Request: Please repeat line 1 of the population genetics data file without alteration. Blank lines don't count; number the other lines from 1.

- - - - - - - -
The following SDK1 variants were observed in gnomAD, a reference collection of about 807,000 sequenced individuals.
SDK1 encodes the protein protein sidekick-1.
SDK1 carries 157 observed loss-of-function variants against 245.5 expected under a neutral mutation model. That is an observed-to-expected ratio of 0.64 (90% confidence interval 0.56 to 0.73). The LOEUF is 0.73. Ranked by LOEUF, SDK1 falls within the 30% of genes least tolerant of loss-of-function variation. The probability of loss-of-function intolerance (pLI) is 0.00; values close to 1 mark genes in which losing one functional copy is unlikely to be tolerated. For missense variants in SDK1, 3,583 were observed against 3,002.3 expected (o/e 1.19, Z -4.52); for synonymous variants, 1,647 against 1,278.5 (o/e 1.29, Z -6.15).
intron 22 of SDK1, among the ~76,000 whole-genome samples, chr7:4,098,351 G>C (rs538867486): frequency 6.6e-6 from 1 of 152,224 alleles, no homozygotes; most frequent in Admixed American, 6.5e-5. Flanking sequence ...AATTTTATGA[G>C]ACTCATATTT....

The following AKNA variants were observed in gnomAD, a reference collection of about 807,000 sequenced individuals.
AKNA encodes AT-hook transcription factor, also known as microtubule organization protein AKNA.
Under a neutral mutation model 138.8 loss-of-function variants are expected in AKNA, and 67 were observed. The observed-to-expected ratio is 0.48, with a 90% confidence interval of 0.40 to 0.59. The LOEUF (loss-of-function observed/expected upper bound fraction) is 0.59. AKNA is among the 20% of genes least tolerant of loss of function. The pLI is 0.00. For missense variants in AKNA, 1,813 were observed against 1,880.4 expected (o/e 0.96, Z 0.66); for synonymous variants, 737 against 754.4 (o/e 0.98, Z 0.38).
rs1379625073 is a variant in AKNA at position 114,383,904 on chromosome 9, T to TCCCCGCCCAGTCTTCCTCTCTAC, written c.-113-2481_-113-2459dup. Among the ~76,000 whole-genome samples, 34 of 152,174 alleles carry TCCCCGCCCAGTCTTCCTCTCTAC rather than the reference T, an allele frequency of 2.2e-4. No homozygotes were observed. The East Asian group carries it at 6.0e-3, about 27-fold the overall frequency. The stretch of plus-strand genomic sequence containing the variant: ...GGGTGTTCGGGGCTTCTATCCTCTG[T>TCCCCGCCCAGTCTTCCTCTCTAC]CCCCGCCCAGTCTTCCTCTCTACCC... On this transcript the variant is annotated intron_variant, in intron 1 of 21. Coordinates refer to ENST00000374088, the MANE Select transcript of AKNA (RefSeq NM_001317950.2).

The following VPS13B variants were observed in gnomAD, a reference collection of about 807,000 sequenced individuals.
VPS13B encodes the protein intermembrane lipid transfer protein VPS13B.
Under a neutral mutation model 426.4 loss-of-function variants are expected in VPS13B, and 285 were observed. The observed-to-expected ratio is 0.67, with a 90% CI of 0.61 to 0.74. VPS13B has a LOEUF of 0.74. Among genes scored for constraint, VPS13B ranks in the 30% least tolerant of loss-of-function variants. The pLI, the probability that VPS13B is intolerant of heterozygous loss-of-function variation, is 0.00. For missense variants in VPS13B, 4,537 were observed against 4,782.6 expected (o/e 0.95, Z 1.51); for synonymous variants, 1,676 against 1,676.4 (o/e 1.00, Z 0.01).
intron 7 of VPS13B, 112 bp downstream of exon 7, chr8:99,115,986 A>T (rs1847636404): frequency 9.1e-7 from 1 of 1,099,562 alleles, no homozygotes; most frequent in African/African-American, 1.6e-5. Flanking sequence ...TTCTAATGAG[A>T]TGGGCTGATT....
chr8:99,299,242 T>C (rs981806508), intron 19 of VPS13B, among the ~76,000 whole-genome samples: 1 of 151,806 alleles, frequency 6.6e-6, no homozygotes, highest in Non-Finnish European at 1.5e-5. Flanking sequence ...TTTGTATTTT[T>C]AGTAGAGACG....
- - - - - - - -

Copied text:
The following SDK1 variants were observed in gnomAD, a reference collection of about 807,000 sequenced individuals.